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Tadpole trike rear wheel dish

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Tadpole trike rear wheel dish

Old 01-30-24, 06:16 AM
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Tadpole trike rear wheel dish

It looks a bit tumbleweed in here, but just in case anyone has anything to say:
I will soon be building a hub motor into a rear wheel for a tadpole trike. While considering the build I started wondering just how important it is for the wheel to be "correctly" dished i.e. for the rim to be centred on the dropouts. The rim would be more evenly braced if it was centred on the hub flanges rather than the dropouts, but how much difference would this offset make to the handling of the trike, given that it doesn't lean like a bike? I was planning on lacing drive side all heads-in and NDS all heads-out for more equal bracing angles, but then I thought why not build it with regular half-in half-out and equal bracing angles, or all heads-in for widest bracing?
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Old 01-30-24, 09:35 AM
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The Windcheetah has an off-center rear wheel; so I don't think it's necessary to be centered for performance reasons. But it still might need to be centered due to clearance at the frame-end of the chainstays. The spoke lacing questions might be better asked to a wheelbuilder. AFAIK, most if not all trike wheels are built using standard techniques.
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Old 01-30-24, 03:58 PM
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Originally Posted by BlazingPedals
The Windcheetah has an off-center rear wheel;
I hadn't thought of that, I was probably distracted by the monostay.
Originally Posted by BlazingPedals
so I don't think it's necessary to be centered for performance reasons. But it still might need to be centered due to clearance at the frame-end of the chainstays.
I have some clearance to play with, although not as much as I thought, I'd forgotten the new rim is wider than the existing one. I'll have to check how much wider the tyre will be.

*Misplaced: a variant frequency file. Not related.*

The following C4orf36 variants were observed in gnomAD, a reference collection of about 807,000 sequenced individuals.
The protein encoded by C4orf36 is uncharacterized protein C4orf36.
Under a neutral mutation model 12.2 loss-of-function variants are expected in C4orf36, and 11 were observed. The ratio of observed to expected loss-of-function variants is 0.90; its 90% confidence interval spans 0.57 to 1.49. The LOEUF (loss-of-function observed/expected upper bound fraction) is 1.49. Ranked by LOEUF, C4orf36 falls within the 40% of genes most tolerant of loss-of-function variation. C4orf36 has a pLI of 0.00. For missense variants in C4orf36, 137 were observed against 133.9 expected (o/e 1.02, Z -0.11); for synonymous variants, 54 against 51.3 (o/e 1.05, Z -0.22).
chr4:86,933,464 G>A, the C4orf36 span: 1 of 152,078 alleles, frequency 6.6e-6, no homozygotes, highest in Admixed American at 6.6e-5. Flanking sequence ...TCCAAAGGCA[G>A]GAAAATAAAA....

Originally Posted by BlazingPedals
The spoke lacing questions might be better asked to a wheelbuilder. AFAIK, most if not all trike wheels are built using standard techniques.
I have plenty of experience building conventional wheels, but the motor hub in a 405 rim is different enough that I started considering other possibilities ... The spokes should be here in a couple of days, I guess I'll decide one way or another once I start lacing - I can always take them out and start again.
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Old 02-05-24, 01:35 AM
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A 405mm wheel is strong enough as is to not need anything special done re: dishing. Just build it the way the frame wants it built. There are zero dish rear wheel trikes and the frame has the offset necessary. I don't know if that is the case with the Windcheetah but, as I said, I wouldn't sweat it with a 20" wheel.
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Old 02-06-24, 02:25 PM
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Originally Posted by Leisesturm
A 405mm wheel is strong enough as is to not need anything special done re: dishing. Just build it the way the frame wants it built. There are zero dish rear wheel trikes and the frame has the offset necessary. I don't know if that is the case with the Windcheetah but, as I said, I wouldn't sweat it with a 20" wheel.
Yeah but ... you're right, of course, 20 inch wheels are inherently strong, but that's partly why I thought something different might be interesting. This is not for a hard rider, it's just for meandering through the woods, and not far from home. I put little thought into building an e-wheel for my trike, and that's been fine so far. I'm getting frustrated by the slow delivery of the spokes, this should have been built by now.
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Old 02-07-24, 07:15 PM
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Originally Posted by Leisesturm
A 405mm wheel is strong enough as is to not need anything special done re: dishing. Just build it the way the frame wants it built. There are zero dish rear wheel trikes and the frame has the offset necessary. I don't know if that is the case with the Windcheetah but, as I said, I wouldn't sweat it with a 20" wheel.
I agree that it's probably strong enough; however you have to keep in mind that the rear wheel of a tadpole trike handles a lot more side thrust than the same wheel on a bike. For this reason ICE trike build their wheels with no dish and offset the rear fork to center the wheel.

It's fairly easy to build the wheel if you know the offset spec of the rear fork. Just add a spacer of that offset thickness to the appropriate side when you have it on the truing stand. Mounting your existing wheel on a truing stand will do a lot to help visualize.
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